In 1996, an article entitled "Transgressing the Boundaries: Toward a Transformative Hermeneutics of Quantum Gravity" was published in the cultural studies journal Social Text
. Packed with recherché quotations from "postmodern" literary theorists and sociologists of science, and bristling with imposing theorems of mathematical physics, the article addressed the cultural and political implications of the theory of quantum gravity. Later, to the embarrassment of the editors, the author revealed that the essay was a hoax, interweaving absurd pronouncements from eminent intellectuals about mathematics and physics with laudatory--but fatuous--prose.
In Fashionable Nonsense, Alan Sokal, the author of the hoax, and Jean Bricmont contend that abuse of science is rampant in postmodernist circles, both in the form of inaccurate and pretentious invocation of scientific and mathematical terminology and in the more insidious form of epistemic relativism. When Sokal and Bricmont expose Jacques Lacan's ignorant misuse of topology, or Julia Kristeva's of set theory, or Luce Irigaray's of fluid mechanics, or Jean Baudrillard's of non-Euclidean geometry, they are on safe ground; it is all too clear that these virtuosi are babbling.
Their discussion of epistemic relativism--roughly, the idea that scientific and mathematical theories are mere "narrations" or social constructions--is less convincing, however, in part because epistemic relativism is not as intrinsically silly as, say, Regis Debray's maunderings about Gödel, and in part because the authors' own grasp of the philosophy of science frequently verges on the naive. Nevertheless, Sokal and Bricmont are to be commended for their spirited resistance to postmodernity's failure to appreciate science for what it is. --Glenn Branch
From Publishers Weekly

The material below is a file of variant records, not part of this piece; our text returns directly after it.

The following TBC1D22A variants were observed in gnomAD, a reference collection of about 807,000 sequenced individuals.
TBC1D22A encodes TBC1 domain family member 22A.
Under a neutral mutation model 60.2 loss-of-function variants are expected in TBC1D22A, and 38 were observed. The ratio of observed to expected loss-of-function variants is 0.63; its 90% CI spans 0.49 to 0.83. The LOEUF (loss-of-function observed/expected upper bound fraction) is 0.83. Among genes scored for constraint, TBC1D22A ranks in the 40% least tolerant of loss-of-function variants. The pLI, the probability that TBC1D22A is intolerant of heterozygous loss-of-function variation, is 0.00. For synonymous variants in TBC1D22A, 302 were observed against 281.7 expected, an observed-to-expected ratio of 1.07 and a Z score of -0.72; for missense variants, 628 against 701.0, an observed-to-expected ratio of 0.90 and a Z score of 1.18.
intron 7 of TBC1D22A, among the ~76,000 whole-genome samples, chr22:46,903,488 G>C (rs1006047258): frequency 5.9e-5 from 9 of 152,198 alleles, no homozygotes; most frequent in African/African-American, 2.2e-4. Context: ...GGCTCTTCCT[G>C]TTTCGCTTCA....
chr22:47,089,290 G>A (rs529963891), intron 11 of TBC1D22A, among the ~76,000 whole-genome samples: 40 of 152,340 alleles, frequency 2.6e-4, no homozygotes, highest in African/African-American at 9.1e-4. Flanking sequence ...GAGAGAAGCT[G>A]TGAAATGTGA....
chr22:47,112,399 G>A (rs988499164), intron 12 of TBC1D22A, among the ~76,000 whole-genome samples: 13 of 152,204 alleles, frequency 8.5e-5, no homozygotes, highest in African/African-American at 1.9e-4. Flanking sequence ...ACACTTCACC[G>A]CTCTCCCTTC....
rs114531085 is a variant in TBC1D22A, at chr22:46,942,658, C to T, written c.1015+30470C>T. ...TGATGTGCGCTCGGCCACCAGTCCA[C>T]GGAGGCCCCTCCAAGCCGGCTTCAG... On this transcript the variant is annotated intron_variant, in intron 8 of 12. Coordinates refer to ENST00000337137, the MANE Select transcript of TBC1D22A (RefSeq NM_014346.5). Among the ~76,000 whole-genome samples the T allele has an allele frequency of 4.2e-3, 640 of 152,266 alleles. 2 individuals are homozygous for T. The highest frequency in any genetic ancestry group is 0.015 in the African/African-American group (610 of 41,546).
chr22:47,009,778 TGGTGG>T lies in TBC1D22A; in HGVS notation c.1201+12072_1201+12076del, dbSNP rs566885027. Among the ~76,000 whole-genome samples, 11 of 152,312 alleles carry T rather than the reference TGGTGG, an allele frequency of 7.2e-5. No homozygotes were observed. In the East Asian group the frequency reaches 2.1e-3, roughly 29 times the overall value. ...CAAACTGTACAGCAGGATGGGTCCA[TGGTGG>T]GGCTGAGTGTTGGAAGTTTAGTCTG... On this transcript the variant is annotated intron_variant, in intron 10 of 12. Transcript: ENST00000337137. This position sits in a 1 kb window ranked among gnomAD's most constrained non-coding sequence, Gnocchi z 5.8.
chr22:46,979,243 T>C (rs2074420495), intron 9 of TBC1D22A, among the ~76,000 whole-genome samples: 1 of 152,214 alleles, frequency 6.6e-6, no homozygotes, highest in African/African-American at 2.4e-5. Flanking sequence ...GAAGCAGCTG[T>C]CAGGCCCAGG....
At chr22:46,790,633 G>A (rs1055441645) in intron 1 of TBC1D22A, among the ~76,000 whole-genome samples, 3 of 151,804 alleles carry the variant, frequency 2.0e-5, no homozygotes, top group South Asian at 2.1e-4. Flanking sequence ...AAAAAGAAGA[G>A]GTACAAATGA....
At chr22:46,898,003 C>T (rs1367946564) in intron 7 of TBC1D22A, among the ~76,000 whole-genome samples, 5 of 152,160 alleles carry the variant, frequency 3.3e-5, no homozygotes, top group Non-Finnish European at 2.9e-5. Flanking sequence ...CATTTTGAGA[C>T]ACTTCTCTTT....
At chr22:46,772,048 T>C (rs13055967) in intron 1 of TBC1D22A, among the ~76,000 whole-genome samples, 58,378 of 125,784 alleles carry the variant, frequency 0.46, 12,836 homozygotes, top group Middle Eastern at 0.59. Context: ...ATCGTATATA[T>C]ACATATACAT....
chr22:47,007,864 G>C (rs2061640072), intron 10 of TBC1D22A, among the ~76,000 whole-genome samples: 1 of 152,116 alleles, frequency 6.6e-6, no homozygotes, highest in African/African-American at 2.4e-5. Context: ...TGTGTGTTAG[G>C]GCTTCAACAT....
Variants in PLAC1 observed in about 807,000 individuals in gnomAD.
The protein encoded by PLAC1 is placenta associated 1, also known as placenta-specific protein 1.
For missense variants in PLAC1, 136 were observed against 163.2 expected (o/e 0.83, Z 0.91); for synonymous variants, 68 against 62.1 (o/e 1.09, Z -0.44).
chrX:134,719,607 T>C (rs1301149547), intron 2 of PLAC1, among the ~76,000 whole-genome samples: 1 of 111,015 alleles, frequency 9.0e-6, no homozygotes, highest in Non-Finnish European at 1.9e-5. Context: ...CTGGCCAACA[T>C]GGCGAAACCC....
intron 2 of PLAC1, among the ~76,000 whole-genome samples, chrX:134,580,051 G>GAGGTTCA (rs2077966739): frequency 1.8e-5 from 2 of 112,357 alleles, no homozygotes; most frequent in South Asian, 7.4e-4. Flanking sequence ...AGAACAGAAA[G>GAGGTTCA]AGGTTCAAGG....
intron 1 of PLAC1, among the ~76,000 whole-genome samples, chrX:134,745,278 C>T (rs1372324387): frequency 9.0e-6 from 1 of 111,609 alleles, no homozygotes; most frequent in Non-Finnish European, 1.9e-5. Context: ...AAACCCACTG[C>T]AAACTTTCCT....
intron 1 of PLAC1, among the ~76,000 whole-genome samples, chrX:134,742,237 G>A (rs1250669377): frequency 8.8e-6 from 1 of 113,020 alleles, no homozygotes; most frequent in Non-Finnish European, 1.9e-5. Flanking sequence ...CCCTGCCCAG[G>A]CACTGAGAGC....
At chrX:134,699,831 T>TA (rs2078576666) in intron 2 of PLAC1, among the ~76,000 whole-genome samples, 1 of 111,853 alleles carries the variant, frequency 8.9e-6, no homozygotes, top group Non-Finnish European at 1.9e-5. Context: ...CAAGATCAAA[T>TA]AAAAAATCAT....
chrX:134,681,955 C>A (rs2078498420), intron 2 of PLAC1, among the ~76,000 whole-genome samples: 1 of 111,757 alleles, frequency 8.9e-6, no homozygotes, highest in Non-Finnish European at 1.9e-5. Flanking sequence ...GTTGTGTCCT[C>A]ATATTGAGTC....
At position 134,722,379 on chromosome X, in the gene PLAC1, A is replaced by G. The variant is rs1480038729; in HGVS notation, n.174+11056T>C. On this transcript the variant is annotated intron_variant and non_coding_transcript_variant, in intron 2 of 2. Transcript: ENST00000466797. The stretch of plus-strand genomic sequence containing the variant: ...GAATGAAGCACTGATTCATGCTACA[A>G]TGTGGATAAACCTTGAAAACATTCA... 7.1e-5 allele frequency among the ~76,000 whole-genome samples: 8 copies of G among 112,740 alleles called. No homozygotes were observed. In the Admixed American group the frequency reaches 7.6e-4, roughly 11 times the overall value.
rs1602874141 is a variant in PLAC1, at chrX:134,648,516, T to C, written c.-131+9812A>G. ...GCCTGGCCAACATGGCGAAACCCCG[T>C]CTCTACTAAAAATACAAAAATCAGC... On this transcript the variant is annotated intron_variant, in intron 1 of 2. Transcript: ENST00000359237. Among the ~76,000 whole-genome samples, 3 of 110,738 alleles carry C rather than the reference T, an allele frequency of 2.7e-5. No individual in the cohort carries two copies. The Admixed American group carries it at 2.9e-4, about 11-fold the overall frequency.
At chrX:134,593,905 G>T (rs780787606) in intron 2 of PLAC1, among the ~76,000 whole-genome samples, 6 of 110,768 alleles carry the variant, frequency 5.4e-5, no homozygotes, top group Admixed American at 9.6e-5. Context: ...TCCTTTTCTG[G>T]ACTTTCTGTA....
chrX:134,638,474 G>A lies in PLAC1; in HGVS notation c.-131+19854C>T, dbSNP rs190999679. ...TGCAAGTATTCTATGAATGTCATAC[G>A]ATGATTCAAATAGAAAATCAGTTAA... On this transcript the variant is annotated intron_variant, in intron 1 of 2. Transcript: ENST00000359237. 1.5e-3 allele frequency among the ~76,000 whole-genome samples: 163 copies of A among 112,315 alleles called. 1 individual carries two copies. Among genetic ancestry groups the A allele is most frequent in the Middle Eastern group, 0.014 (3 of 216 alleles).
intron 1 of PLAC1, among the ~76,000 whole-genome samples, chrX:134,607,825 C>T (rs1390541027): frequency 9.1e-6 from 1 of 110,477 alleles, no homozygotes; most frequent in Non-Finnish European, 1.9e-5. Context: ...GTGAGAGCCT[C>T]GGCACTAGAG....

The authors of this audacious debunking apparently want nothing less than to embarrass some of the foremost academic stars of the postwar period?including Jacques Lacan, Luce Irigaray and Paul Virilio, among other luminaries in the humanities?for their "abuse of science." Sokal, a professor of physics at NYU, and Bricmont, a theoretical physicist with the Universite de Louvain in Belgium, offer an argument that's an offshoot of Sokal's notorious 1996 prank in which he submitted an article, high in jargon and low in logic, to a cultural studies journal, which accepted it immediately. After Sokal revealed the hoax, bitter debates raged within academia. Here, he and Bricmont continue where the hoax left off, waging a war of wits with thinkers who, they say, adopt science as a metaphor for their own more literary purposes. The authors also attack critics who fabricate pseudoscientific theories of their own, and much of their book is dedicated to building methodical cases against the academics' principles and logical flaws. The authors fervor and the precision of their writing makes this a most engaging read.
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